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With all the petty scribbling crew (And those

pert

sots are not a few), 'Gainst you and Pope their envy spurt. The booksellers alone are hurt.

Good Gods! by what a powerful race (For blockheads may have power and place) Are scandals rais’d, and libels writ!

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To prove your honesty and wit!
Think with ycurself: those worthy men,
You know, have suffer'd by your pen.
From them you've nothing but your due.
From hence, 'tis plain, your friends are few. 30
Except myself, I know of none,
Besides the wise and good alone.
To set the case in fairer light,
My Fable shall the rest recite,
Which (though.unlike our present state) 35
I for the moral's sake relate.

A Bee of cunning, not of parts,
Luxurious, negligent of arts,
Rapacious, arrogant, and vain,
Greedy of power, but more of gain,
Corruption sow'd throughout the hive:
By petty rogues the great ones thrive.

As power and wealth his views supply'd, ,
'Twas seen in overbearing pride.
With him loud impudence had merit; 45
The Bee of conscience wanted spirit;
And those who follow'd honour's rules
Were laugh'd to scorn for squeamish fools.

Wealth

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Wealth claim'd distinction, favour, grace,
And poverty alone was base.
He treated industry with slight,
Unless he found his profit by 't.
Rights, laws, and liberties, give way,
To bring his selfish schemes in play.
The swarm forgot the common toil,
To share the gleanings of his spoil.

While vulgar souls, of narrow parts,
Waste life in low mechanic arts,
Let us (says he), to genius born,
The drudgery of our fathers scorn.

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The Wasp and Drone, you must agree,
Live with more elegance than we.
Like gentlemen they sport and play;
No business interrupts the day :
Their hours to luxury they give,

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And nobly on their neighbours live.
A stubborn Bee, among the fwarm,
With honeft indignation warm,
Thus from his cell with zeal reply'd:

“ I slight thy frowns, and hate thy pride. 70
The laws our native rights protect;
Offending thee, I those respect.
Shall luxury corrupt the hive,
And none against the torrent stive?
Exert the honour of your race ;

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He builds his rise on your disgrace.
'Tis industry our state maintains;
'Twas honest toil and honest gains
M 4

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That rais'd our fires to power and fame.
Be virtuous; save yourselves from shame. 80
Know that, in selfish ends pursuing,
You scramble for the public ruin.”

He spoke; and, from his cell dismiss’d,
Was infolently fcoff'd and hiss'd.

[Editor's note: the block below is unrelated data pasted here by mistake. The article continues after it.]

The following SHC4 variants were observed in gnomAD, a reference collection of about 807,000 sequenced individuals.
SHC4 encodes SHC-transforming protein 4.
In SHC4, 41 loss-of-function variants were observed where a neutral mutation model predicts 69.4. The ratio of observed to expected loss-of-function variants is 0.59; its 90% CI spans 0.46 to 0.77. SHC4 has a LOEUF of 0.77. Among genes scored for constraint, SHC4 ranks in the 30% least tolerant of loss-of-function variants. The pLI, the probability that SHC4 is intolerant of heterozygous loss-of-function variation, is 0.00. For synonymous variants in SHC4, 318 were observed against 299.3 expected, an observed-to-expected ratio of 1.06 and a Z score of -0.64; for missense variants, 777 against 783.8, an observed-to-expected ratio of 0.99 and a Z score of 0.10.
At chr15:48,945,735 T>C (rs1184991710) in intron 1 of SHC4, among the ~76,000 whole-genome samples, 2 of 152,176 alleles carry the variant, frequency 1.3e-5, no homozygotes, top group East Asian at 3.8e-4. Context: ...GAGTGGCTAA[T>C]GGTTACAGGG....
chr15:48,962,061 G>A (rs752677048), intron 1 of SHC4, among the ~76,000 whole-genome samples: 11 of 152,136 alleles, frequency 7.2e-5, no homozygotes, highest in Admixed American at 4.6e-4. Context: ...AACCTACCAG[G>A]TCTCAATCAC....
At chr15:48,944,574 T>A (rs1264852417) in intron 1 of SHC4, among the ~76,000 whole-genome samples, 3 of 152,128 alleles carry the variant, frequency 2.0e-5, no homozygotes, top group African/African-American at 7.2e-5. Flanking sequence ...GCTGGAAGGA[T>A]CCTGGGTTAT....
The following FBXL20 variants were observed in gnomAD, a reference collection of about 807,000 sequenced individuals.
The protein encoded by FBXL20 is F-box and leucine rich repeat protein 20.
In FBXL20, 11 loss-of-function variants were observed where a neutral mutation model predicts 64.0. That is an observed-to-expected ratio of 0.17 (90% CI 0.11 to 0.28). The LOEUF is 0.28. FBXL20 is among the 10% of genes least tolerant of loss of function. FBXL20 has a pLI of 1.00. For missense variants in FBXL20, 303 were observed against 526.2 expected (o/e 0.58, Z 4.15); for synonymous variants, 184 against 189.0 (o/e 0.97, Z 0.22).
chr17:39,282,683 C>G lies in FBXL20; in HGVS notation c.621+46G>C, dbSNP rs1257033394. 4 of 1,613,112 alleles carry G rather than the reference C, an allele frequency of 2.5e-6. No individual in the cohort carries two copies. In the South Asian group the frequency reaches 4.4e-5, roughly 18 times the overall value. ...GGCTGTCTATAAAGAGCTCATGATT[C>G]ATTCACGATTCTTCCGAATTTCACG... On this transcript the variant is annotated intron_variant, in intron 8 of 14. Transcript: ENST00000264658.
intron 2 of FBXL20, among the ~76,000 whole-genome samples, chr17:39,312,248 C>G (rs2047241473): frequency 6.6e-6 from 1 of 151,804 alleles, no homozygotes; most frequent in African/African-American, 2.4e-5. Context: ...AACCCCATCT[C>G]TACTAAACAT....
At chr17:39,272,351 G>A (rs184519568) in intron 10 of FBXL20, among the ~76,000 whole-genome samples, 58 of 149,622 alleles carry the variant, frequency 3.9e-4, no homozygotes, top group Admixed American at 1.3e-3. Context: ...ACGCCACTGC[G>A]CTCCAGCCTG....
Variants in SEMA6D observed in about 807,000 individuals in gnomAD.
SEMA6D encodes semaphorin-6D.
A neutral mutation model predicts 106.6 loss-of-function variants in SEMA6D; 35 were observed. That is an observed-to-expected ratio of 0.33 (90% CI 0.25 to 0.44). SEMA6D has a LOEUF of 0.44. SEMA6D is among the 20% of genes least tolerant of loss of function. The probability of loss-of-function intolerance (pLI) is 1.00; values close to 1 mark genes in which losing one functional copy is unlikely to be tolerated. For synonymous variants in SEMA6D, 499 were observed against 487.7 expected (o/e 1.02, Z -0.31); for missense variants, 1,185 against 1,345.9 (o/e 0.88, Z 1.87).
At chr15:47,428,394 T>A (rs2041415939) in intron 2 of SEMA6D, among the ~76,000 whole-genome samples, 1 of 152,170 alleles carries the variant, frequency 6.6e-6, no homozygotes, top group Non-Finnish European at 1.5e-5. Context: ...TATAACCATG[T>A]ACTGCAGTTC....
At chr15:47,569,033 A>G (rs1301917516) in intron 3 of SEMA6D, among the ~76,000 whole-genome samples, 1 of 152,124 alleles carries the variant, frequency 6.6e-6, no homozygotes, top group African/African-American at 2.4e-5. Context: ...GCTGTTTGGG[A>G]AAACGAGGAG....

With him a friend or two resign’d,

85 Disdaining the degenerate kind.

These Drones (says he), these insects vile,
(I treat them in their proper style)
May for a time oppress the state:
They own our virtue by their hate;
Ey that our merits they reveal,
And recommend our public zeal ;
Disgrac'd by this corrupted crew,
We're honour'd by the virtuous few.

90

F A BL E XI.

THE PACK-HORSE AND THE CARRIER.

To a young Nobleman.

BEGIN, my Lord, in early youth,

To suffer, nay, encourage truth ;
And blame me not for disrespect,
If I the flatterer's style reject;
With that, by.menial tongues supply'd,
You 're daily cocker'd up in pride.

5

The

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The tree's distinguish'd by the fruit.
Be virtue then your first pursuit ;
Set your great ancestors in view,
Like them deserve the title too;
Like them ignoble actions fcorn;
Let virtue prove you greatly born.

Though with less plate their fide-board shone, 'Their conscience always was their own; They ne'er at levees meanly fawn'd,

15 Nor was their honour yearly pawn'd; Their hands, by no corruption stain'd, The ministerial bribe disdain'd; They serv'd the crown with loyal zeal, Yet, jealous of the public weal,

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They stood the bulwark of our laws,
And wore at heart their country's cause ;
By neither place or pension bought,
They spoke and voted as they thought,
Thus did your fires adorn their seat;
And such alone are truely great.

If you the paths of learning sight,
You ’re but a dunce in stronger light.
In foremost rank the coward plac’d,
Is more conspicuously disgrac’d.
If you, to serve a paltry end,
To knavish jobbs can condescend,
We
pay you
the contempt

that's due; In that you have precedence too.

Whence had you this illustrious name? 35 From virtue and unblemish'd fame.

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30

By

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By birth the name alone descends;
Your honour on yourself depends :
Think not your coronet can hide
Assuming ignorance and pride.
Learning by study must be won;
'Twas ne'er entail'd from son to fen.
Superior worth your rank requires ;
For that mankind reveres your fires :
If you degenerate from your race,

5 Their merits heighten your disgrace.

A Carrier, every night and morn,
Would see his horfes eat their corn :
This funk the hoftler's vails, 'tis true;
But then his horfes had their due.
Were we so cautious in all cases,
Small gain would rise from greater places.

The manger now had all its measure;
He heard their grinding teeth with pleasure ;
When all at once confusion rung ;
They snorted, joftled, bit, and flung.
A pack-horse turn'd his head afide,
Foaming, his eye-balls swell’d with pride.

Good Gods! (says he) how hard 's my lot! Is then my high descent forgot?

60 Reduc'd to drudgery and disgrace (A life unwworthy of my race), Muft I, too, hear the vile attacks Of ragged scrubs and vulgar hacks ? See scurvy Roan, that brute ill-bred, Dares from the manger thrust my head !

Shall

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